The European Commission will issue antitrust allegations against Apple than concerns about the practice of the company App Store, according to the Financial Times report. The Commission has investigated whether Apple has violated the UE competition rules with the App Store policy, following the initial complaints of Spotify in 2019 about cutting up a subscription of 30 percent of Apple.
The European Commission opened two antitrust investigations into the practice of App Store and Apple Pay last year, and Times Financial only mentioned the upcoming changes in the App Store case. It is not clear what action will be taken.
Spotify previously claimed that Apple used the App Store to inhibit innovation and limit consumer choices that support Apple music services themselves.
Rakuten filed the same complaint as the EU last year, claiming that it was anti-competitive for Apple to impose a 30 percent commission for e-books sold through the App Store while promoting the Apple book service itself.
This 30 percent discount, known as “Apple tax,” has long been a target company such as Netflix and Spotify. Apple has defended its policy, on the grounds that revenues make contributing to costs to maintain the App Store and enforce its security, privacy, and security guidelines.
Epic games also filed antitrust complaints with the EU earlier this year, as part of an ongoing dispute with Apple. Fortnite developers have openly criticized Apple’s App Store policies around distribution and payments, encouraging epic to try to avoid cutting Apple 30 percent in purchases in applications in Fortnite. Apple quickly removes the game from the App Store and now the legal battle goes berserk.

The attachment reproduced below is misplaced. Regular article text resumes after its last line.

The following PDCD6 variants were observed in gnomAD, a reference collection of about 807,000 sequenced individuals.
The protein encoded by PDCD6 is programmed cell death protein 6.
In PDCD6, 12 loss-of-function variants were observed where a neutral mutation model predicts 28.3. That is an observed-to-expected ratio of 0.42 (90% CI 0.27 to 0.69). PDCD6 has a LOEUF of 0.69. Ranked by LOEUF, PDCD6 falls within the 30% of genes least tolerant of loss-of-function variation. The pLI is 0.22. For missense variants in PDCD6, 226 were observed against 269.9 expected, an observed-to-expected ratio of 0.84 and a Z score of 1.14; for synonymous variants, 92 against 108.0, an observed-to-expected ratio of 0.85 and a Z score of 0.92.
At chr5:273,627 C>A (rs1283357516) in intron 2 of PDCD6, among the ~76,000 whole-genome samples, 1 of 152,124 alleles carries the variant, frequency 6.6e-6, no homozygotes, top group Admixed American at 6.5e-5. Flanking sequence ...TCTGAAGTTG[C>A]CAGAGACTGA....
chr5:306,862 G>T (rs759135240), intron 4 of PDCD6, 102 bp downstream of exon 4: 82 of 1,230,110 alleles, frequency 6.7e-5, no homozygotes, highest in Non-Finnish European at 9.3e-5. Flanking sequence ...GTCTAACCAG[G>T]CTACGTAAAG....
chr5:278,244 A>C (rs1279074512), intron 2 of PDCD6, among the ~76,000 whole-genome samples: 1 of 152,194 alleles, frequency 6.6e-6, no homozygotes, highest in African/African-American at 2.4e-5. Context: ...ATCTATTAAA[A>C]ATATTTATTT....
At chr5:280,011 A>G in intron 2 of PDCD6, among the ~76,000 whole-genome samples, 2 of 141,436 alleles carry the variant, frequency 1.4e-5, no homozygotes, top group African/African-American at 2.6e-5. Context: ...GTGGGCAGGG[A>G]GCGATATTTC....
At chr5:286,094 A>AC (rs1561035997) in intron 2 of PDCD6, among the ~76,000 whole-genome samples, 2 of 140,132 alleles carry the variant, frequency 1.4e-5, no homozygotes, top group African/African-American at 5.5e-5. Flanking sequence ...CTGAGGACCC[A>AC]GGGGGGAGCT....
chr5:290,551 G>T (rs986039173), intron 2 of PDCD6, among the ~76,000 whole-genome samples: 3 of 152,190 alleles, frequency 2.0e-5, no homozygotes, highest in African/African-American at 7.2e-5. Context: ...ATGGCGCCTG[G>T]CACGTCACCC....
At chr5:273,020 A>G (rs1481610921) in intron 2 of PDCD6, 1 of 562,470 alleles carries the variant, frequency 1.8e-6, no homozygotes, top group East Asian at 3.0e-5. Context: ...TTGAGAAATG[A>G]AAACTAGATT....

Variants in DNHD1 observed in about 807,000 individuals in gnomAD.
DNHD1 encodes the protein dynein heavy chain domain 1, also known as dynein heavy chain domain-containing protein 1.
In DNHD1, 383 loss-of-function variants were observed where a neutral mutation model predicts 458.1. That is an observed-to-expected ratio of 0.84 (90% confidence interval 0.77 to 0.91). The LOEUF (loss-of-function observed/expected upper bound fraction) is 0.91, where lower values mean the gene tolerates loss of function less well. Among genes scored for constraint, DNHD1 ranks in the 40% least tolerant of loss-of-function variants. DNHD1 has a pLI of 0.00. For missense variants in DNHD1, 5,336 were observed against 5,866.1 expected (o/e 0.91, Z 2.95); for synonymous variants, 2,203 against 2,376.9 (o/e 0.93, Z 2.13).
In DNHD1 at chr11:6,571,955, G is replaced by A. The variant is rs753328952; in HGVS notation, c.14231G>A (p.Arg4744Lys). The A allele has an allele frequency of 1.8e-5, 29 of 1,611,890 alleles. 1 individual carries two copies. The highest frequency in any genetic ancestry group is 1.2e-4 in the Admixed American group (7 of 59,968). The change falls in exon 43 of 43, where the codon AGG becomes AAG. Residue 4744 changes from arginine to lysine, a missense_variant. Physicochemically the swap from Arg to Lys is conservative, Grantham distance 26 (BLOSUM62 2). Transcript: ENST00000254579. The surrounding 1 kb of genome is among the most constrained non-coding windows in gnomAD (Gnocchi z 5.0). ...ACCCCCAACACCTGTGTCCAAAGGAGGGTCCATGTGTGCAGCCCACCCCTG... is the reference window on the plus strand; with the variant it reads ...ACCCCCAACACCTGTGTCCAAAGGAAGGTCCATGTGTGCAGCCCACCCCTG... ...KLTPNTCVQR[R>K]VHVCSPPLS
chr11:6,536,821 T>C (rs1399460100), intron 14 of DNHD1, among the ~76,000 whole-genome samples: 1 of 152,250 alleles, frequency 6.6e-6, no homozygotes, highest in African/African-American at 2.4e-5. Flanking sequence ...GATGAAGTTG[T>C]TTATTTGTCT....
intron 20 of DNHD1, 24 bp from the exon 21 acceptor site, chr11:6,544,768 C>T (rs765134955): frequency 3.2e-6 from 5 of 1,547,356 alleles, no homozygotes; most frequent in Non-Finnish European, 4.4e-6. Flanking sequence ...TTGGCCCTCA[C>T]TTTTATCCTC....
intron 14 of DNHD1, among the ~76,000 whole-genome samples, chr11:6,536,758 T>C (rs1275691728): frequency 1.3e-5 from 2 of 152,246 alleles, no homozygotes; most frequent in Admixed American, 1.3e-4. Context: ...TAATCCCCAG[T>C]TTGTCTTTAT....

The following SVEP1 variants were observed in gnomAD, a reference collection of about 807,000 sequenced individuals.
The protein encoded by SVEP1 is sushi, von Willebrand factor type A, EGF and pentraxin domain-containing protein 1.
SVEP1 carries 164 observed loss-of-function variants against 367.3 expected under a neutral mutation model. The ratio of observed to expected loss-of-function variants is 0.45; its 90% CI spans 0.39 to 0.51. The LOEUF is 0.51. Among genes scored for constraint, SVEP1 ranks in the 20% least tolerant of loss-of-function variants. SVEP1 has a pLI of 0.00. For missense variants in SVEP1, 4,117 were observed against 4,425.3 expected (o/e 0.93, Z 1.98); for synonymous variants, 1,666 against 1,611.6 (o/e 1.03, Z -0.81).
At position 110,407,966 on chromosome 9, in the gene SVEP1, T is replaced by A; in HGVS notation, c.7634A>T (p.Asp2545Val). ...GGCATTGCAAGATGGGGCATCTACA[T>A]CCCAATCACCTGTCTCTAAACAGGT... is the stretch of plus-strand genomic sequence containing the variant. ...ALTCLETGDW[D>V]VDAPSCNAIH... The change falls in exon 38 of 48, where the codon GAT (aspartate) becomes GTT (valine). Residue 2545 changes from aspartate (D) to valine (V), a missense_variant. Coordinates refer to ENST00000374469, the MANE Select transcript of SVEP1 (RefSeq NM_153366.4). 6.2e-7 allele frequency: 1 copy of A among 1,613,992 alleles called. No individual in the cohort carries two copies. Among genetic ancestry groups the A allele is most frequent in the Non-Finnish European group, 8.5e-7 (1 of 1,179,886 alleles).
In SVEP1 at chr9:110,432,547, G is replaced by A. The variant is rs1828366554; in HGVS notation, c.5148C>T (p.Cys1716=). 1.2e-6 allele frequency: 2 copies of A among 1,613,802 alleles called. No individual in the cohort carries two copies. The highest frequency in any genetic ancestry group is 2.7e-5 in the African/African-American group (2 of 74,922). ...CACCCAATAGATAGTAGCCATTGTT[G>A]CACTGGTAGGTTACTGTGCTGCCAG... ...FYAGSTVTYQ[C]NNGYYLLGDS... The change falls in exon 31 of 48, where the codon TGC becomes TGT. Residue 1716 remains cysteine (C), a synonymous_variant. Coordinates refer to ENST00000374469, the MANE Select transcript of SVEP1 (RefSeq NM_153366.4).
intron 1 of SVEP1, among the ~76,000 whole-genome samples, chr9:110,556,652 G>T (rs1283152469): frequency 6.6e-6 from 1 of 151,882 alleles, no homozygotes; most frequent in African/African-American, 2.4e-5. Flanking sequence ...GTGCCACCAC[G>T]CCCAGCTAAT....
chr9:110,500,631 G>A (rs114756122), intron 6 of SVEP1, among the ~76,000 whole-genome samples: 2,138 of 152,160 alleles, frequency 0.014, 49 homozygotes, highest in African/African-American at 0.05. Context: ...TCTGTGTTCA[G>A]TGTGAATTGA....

Although Apple Defense from its App Store, iPhone makers have tried to relieve the pressure from the regulator and the developer with the App Store policy change over the past year.
Apple now allows several video streaming applications to cut the App Store cutting, and have reduced the level of the App Store commission to 15 percent for developers who generate an annual income of less than $ 1 million.
These changes alone are not enough to reduce concerns from the EU regulator if the Financial Times report is accurate, and now we will find out this weekend exactly how the European Union will respond to one of the biggest problems in America. , a Technology company.